• HB 2547 (Del. Tim Hugo, R-Fairfax) and SB 1769 (Sen. Glen Sturtevant, R-Richmond) make changes to the net metering program for customers of electric cooperatives. The overall net metering cap is raised from the current one percent to a total of five percent, divided into separate buckets by customer type and with an option for coops to choose to go up to seven percent. Customers will be permitted to install enough renewable energy to meet up to 125 percent of previous year’s demand, up from 100 percent today. Third-party PPAs are generally legal for tax-exempt entities, with a self-certification requirement. However, the co-ops will begin imposing demand charges on customers with solar, to be phased in over several years, replacing any standby charges. This bill was negotiated between the co-ops and the solar industry via the “Rubin Group.” An amendment to the bill establishes a stakeholder group for further discussions with Dominion and Appalachian on net metering, a prospect that will appeal only to eternal optimists and amnesiacs who don’t remember the past five years of time-wasting, fruitless negotiations. SB 1769 passed both the Senate and House unanimously. HB 2547 passed the House unanimously and the Senate 36-4, with Black and Sens. Amanda Chase, R-Chesterfield, Richard Stuart, R-Stafford, and David Suetterlein, R-Roanoke County, voting no this time.
• HB 2621 (Del. Riley Ingram, R-Hopewell) and SB 1398 (Stanley) authorize a locality to require the owner or developer of a solar farm, as part of the approval process, to agree to a decommissioning plan. This was a negotiated Rubin Group bill. SB 1398 was incorporated into SB 1091 (Sen. Bryce Reeves, R-Spotsylvania), which was amended to conform to the compromise language of HB 2621.
• HB 2741 (Del. Lashrecse Aird, D-Petersburg) establishes a rebate program for low and moderate-income households that install solar. Amended so it retains the structure of the program but removes funding. As amended it passed both House and Senate.
• HB 2792 (Del. Kathy Tran, D-Prince William) and SB 1779 (Sen. Adam Ebbin, D-Alexandria) establish a six-year pilot program for municipal net metering for localities that are retail customers of investor-owned utilities. The initial bill negotiated with the utilities was much more limited than most localities wanted; further amendments whittled it down to a point where it won’t help localities with significant projects like landfill solar. However, we are told it will be useful for a few small on-site projects that don’t need PPAs. Even with the utilities on board, 21 House Republicans and one senator (Sutterlein) voted against the House bill, though only 12 House Republicans were hardcore enough to vote against the identical Senate bill when it crossed over.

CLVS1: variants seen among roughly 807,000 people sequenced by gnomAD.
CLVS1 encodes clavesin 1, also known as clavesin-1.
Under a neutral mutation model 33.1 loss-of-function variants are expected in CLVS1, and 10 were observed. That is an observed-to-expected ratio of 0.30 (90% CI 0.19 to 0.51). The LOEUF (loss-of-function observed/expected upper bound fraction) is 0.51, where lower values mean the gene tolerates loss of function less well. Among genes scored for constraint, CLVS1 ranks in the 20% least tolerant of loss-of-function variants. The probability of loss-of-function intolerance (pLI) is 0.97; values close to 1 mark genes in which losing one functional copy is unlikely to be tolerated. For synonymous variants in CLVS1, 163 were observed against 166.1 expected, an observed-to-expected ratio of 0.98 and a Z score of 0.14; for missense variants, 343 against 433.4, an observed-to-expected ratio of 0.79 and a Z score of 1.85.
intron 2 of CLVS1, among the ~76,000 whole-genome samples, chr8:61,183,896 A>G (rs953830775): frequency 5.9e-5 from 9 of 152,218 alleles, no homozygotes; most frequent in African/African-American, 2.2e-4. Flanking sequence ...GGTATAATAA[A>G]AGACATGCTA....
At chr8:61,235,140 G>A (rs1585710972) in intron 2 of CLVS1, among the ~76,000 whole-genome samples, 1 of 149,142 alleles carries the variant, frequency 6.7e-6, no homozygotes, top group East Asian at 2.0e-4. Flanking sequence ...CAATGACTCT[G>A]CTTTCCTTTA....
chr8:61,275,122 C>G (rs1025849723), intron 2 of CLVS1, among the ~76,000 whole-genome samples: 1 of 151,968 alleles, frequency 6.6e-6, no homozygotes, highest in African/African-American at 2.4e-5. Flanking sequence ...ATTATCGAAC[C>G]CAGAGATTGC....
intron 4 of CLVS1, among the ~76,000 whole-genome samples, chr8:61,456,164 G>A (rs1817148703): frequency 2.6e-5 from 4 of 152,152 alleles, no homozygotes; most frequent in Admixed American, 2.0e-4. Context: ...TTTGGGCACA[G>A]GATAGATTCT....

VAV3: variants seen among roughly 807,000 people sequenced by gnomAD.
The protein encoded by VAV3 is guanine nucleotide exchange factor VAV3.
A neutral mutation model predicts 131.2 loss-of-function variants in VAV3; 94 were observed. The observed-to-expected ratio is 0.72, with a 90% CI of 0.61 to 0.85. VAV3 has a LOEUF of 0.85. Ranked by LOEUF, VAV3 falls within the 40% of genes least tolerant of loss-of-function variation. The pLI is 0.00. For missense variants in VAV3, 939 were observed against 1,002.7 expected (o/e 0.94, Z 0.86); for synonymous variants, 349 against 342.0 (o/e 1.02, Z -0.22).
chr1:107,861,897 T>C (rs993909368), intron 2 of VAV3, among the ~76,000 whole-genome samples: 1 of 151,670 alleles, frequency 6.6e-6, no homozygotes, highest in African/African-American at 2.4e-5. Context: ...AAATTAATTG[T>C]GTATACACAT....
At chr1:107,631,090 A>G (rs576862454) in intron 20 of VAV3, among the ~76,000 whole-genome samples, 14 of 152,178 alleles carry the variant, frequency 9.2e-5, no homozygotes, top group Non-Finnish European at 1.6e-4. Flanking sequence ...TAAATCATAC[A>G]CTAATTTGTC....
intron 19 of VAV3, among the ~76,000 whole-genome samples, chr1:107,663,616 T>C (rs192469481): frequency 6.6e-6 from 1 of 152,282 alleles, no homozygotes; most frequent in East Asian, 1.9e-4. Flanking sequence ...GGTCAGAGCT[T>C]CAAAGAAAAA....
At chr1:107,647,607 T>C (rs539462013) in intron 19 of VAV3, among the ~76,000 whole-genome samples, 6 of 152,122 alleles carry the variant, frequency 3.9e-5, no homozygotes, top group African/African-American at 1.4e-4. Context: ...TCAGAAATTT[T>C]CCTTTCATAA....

• HB 2789 (O’Quinn) requires Dominion and Appalachian to develop pilot programs to offer solar and energy efficiency incentives to low-income, elderly and disabled customers. The energy efficiency money, totaling $25 million, is to come out of the amount the utilities are required to propose in efficiency spending under last year’s SB 966. The renewable energy incentives, also $25 million, cannot come out of that spending; the legislation is silent on how it will be paid for. Passed the House 90-9, with only Republicans as holdouts. Passed the Senate 37-3, with only Black, Stuart and Suetterlein in opposition.
• HB 2292 (Del. Rip Sullivan, D-Fairfax) and SB 1662 (Sen. Frank Wagner, R-Virginia Beach), dubbed the “show your work bill,” requires the State Corporation Commission to provide justification if it rejects a utility energy efficiency program. As amended, the bills passed almost unanimously.
• HB 2293 (Sullivan) establishes a stakeholder process to provide input on the development of utility energy efficiency programs. Passed both houses unanimously.
• HB 2332 (Del. Mark Keam, D-Fairfax) protects customer data collected by utilities while allowing the use of aggregated anonymous data for energy efficiency and demand-side management efforts. A substitute changed the bill to one requiring the SCC to convene a Data Access Stakeholder Group to review customer privacy and data access issues. As amended, the bill passed both Houses unanimously.
• SB 1400 (Sen. Chap Petersen, D-Fairfax City) would have removed the exclusion of residential buildings from the Property Assessed Clean Energy (PACE) program, which allows localities to provide low-interest loans for energy efficiency and renewable energy improvements on buildings. After passing the Senate unanimously, the bill was amended in the House to remove the residential PACE authorization (it does expand PACE to include stormwater improvements). As amended, it passed both houses unanimously. It’s probably cheating putting this one in the “passed” category, but I needed the win.
• HB 2611 (Del. Charles Poindexter, R-Franklin) would prohibit Virginia from joining or participating in RGGI without support from two-thirds of the members of the House and Senate, making it sort of an anti-Virginia Coastal Protection Act. Passed the House on a 51-48 party-line vote. Passed the Senate on a 20-19 vote. Only one Republican, Jill Vogel, voted against it. The governor is expected to veto it.